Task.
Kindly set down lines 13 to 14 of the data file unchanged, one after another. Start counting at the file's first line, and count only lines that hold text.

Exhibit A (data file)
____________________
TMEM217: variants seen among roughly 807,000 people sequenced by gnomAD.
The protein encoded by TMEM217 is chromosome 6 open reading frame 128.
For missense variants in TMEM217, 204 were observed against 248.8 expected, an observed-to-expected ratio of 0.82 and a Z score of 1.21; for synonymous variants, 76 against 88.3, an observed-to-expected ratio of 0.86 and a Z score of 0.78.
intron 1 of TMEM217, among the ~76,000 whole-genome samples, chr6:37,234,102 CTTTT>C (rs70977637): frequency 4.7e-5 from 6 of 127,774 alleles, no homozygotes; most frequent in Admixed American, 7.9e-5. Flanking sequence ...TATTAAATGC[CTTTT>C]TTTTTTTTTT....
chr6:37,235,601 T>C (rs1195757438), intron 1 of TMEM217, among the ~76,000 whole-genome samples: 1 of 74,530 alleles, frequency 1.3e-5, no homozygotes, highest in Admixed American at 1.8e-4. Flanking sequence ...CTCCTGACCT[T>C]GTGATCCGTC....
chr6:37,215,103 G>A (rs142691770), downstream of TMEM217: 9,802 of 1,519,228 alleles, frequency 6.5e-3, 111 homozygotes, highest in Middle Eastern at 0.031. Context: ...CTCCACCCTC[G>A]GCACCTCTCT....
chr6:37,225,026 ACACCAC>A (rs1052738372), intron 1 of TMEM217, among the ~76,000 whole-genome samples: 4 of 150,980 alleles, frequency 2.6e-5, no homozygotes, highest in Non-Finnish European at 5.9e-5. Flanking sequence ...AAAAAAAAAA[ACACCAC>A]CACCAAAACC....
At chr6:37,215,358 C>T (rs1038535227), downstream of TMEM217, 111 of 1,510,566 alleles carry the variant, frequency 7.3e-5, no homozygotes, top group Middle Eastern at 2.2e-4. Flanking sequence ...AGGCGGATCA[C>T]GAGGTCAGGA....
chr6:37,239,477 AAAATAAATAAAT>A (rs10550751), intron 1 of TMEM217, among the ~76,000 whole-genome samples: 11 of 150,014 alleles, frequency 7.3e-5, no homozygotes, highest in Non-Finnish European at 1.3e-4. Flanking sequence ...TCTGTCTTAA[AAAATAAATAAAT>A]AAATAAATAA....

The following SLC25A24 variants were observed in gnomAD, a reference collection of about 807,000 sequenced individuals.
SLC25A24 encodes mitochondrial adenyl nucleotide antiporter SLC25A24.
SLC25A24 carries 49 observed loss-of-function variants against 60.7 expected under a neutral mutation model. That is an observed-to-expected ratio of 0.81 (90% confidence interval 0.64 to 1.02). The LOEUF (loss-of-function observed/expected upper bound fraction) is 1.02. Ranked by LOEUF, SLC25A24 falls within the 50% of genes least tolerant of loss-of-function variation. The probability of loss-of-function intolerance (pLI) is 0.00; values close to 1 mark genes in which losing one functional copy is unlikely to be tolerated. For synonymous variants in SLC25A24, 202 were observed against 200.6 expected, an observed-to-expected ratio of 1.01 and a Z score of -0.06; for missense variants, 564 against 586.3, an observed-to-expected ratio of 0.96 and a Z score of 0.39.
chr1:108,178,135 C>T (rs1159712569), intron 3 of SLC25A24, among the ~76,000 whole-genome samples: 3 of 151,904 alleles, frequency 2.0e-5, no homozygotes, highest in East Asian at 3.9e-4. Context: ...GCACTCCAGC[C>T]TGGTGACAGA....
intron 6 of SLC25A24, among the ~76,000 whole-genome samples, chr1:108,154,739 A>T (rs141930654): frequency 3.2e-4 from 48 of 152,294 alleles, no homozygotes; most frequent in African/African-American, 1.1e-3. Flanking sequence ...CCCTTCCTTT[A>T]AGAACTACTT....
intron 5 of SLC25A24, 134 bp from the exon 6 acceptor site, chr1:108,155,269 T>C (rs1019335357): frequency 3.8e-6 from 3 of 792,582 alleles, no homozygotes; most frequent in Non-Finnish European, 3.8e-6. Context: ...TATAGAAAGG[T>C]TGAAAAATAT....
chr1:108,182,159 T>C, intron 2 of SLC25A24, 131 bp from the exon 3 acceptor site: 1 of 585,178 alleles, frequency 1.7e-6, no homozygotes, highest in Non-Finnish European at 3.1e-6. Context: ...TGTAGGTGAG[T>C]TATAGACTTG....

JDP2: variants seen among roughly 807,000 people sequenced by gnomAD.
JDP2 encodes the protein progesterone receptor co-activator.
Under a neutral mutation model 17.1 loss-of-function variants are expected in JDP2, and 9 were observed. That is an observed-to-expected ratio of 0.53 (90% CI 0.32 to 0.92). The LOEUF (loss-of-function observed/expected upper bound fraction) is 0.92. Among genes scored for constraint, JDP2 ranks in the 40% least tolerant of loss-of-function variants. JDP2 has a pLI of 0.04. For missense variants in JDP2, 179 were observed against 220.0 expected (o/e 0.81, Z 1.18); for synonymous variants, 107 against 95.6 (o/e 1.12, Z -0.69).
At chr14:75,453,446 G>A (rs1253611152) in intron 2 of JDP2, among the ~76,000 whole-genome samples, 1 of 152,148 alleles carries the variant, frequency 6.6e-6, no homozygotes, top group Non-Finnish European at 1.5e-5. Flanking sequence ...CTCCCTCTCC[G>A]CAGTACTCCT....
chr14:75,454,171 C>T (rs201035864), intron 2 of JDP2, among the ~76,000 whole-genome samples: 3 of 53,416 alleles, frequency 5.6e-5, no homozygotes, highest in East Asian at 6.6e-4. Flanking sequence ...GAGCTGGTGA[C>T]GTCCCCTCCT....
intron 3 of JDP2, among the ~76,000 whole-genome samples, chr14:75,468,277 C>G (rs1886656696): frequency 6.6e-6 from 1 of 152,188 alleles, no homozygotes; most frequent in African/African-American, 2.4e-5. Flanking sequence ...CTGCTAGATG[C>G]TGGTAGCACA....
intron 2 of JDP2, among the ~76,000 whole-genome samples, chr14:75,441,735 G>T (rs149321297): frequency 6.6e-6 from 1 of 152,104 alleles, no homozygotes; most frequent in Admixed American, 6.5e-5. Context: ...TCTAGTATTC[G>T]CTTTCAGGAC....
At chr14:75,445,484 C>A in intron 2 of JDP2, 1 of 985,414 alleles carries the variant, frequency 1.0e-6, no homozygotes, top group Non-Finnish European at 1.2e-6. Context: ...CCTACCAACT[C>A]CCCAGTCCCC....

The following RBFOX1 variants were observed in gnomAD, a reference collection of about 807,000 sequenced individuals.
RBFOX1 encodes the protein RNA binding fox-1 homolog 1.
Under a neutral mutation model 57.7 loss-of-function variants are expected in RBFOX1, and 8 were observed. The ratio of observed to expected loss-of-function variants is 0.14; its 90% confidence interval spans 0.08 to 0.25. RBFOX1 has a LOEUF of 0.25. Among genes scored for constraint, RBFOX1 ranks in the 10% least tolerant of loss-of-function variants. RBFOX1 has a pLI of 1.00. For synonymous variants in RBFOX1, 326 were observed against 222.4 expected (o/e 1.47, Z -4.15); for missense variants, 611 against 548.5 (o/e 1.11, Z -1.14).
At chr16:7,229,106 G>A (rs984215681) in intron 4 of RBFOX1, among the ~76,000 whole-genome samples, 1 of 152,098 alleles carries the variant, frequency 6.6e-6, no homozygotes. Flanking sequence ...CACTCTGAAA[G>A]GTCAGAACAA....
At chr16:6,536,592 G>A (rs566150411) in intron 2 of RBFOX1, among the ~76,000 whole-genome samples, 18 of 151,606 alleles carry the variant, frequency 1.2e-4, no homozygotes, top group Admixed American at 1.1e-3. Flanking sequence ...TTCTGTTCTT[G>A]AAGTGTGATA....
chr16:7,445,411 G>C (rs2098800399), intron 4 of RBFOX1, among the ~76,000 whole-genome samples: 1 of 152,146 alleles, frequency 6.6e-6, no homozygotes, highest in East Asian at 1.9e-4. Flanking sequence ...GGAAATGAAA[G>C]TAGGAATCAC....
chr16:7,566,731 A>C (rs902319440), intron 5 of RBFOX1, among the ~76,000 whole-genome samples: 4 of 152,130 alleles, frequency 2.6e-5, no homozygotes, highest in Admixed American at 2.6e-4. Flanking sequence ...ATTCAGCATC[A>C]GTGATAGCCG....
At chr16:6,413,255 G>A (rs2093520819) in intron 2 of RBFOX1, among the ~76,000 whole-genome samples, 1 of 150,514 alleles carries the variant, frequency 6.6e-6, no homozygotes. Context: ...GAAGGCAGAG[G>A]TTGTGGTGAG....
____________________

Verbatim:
chr1:108,178,135 C>T (rs1159712569), intron 3 of SLC25A24, among the ~76,000 whole-genome samples: 3 of 151,904 alleles, frequency 2.0e-5, no homozygotes, highest in East Asian at 3.9e-4. Context: ...GCACTCCAGC[C>T]TGGTGACAGA....
intron 6 of SLC25A24, among the ~76,000 whole-genome samples, chr1:108,154,739 A>T (rs141930654): frequency 3.2e-4 from 48 of 152,294 alleles, no homozygotes; most frequent in African/African-American, 1.1e-3. Flanking sequence ...CCCTTCCTTT[A>T]AGAACTACTT....